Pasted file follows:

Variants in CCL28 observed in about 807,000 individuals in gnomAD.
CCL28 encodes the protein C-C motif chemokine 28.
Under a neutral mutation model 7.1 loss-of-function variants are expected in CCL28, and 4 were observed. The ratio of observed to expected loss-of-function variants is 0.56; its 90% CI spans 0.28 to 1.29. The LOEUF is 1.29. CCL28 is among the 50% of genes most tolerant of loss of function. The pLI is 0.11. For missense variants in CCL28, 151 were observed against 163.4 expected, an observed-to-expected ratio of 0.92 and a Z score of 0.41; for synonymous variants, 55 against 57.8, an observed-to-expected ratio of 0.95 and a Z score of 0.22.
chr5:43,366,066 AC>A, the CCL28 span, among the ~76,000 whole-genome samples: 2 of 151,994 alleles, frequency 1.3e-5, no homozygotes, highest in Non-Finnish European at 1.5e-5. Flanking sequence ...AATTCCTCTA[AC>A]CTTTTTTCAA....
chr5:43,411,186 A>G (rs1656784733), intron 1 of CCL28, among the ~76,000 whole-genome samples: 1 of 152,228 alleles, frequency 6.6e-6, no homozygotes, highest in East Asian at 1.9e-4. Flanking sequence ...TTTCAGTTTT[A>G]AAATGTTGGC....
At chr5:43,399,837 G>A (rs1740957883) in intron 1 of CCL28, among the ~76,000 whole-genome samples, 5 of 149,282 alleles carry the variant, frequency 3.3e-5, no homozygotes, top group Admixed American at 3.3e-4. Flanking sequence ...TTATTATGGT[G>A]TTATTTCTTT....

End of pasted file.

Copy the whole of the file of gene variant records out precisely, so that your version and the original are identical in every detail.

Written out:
Variants in CCL28 observed in about 807,000 individuals in gnomAD.
CCL28 encodes the protein C-C motif chemokine 28.
Under a neutral mutation model 7.1 loss-of-function variants are expected in CCL28, and 4 were observed. The ratio of observed to expected loss-of-function variants is 0.56; its 90% CI spans 0.28 to 1.29. The LOEUF is 1.29. CCL28 is among the 50% of genes most tolerant of loss of function. The pLI is 0.11. For missense variants in CCL28, 151 were observed against 163.4 expected, an observed-to-expected ratio of 0.92 and a Z score of 0.41; for synonymous variants, 55 against 57.8, an observed-to-expected ratio of 0.95 and a Z score of 0.22.
chr5:43,366,066 AC>A, the CCL28 span, among the ~76,000 whole-genome samples: 2 of 151,994 alleles, frequency 1.3e-5, no homozygotes, highest in Non-Finnish European at 1.5e-5. Flanking sequence ...AATTCCTCTA[AC>A]CTTTTTTCAA....
chr5:43,411,186 A>G (rs1656784733), intron 1 of CCL28, among the ~76,000 whole-genome samples: 1 of 152,228 alleles, frequency 6.6e-6, no homozygotes, highest in East Asian at 1.9e-4. Flanking sequence ...TTTCAGTTTT[A>G]AAATGTTGGC....
At chr5:43,399,837 G>A (rs1740957883) in intron 1 of CCL28, among the ~76,000 whole-genome samples, 5 of 149,282 alleles carry the variant, frequency 3.3e-5, no homozygotes, top group Admixed American at 3.3e-4. Flanking sequence ...TTATTATGGT[G>A]TTATTTCTTT....